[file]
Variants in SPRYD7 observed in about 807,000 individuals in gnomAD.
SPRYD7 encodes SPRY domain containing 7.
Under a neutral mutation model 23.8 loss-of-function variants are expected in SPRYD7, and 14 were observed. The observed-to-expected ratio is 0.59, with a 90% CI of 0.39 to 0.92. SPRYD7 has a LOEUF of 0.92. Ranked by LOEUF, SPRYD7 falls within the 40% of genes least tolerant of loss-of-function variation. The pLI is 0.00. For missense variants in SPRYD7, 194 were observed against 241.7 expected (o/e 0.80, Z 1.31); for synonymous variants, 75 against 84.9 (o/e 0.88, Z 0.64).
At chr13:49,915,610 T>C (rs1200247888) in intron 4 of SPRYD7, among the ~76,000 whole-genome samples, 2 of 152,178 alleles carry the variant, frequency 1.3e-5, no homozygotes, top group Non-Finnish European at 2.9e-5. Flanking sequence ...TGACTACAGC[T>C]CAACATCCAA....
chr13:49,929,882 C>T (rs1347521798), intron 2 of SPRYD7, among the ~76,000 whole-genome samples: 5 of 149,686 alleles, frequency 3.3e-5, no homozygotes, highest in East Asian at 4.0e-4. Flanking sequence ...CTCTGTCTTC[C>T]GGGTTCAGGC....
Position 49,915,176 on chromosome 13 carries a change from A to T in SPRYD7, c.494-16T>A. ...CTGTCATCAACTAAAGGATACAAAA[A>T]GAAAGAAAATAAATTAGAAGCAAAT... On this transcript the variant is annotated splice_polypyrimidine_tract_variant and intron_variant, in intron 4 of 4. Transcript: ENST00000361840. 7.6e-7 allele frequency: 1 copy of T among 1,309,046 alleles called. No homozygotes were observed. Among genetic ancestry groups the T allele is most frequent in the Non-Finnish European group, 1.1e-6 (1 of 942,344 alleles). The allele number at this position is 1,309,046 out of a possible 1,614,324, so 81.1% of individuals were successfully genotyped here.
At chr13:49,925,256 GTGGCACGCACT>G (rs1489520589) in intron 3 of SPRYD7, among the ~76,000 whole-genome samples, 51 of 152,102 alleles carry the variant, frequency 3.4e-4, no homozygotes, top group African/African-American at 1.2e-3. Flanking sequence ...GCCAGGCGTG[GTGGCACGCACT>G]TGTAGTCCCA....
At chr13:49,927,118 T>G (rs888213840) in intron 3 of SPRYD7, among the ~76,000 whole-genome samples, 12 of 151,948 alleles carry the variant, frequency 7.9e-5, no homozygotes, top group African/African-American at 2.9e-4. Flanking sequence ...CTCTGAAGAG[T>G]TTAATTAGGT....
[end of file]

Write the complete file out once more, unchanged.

Variants in SPRYD7 observed in about 807,000 individuals in gnomAD.
SPRYD7 encodes SPRY domain containing 7.
Under a neutral mutation model 23.8 loss-of-function variants are expected in SPRYD7, and 14 were observed. The observed-to-expected ratio is 0.59, with a 90% CI of 0.39 to 0.92. SPRYD7 has a LOEUF of 0.92. Ranked by LOEUF, SPRYD7 falls within the 40% of genes least tolerant of loss-of-function variation. The pLI is 0.00. For missense variants in SPRYD7, 194 were observed against 241.7 expected (o/e 0.80, Z 1.31); for synonymous variants, 75 against 84.9 (o/e 0.88, Z 0.64).
At chr13:49,915,610 T>C (rs1200247888) in intron 4 of SPRYD7, among the ~76,000 whole-genome samples, 2 of 152,178 alleles carry the variant, frequency 1.3e-5, no homozygotes, top group Non-Finnish European at 2.9e-5. Flanking sequence ...TGACTACAGC[T>C]CAACATCCAA....
chr13:49,929,882 C>T (rs1347521798), intron 2 of SPRYD7, among the ~76,000 whole-genome samples: 5 of 149,686 alleles, frequency 3.3e-5, no homozygotes, highest in East Asian at 4.0e-4. Flanking sequence ...CTCTGTCTTC[C>T]GGGTTCAGGC....
Position 49,915,176 on chromosome 13 carries a change from A to T in SPRYD7, c.494-16T>A. ...CTGTCATCAACTAAAGGATACAAAA[A>T]GAAAGAAAATAAATTAGAAGCAAAT... On this transcript the variant is annotated splice_polypyrimidine_tract_variant and intron_variant, in intron 4 of 4. Transcript: ENST00000361840. 7.6e-7 allele frequency: 1 copy of T among 1,309,046 alleles called. No homozygotes were observed. Among genetic ancestry groups the T allele is most frequent in the Non-Finnish European group, 1.1e-6 (1 of 942,344 alleles). The allele number at this position is 1,309,046 out of a possible 1,614,324, so 81.1% of individuals were successfully genotyped here.
At chr13:49,925,256 GTGGCACGCACT>G (rs1489520589) in intron 3 of SPRYD7, among the ~76,000 whole-genome samples, 51 of 152,102 alleles carry the variant, frequency 3.4e-4, no homozygotes, top group African/African-American at 1.2e-3. Flanking sequence ...GCCAGGCGTG[GTGGCACGCACT>G]TGTAGTCCCA....
At chr13:49,927,118 T>G (rs888213840) in intron 3 of SPRYD7, among the ~76,000 whole-genome samples, 12 of 151,948 alleles carry the variant, frequency 7.9e-5, no homozygotes, top group African/African-American at 2.9e-4. Flanking sequence ...CTCTGAAGAG[T>G]TTAATTAGGT....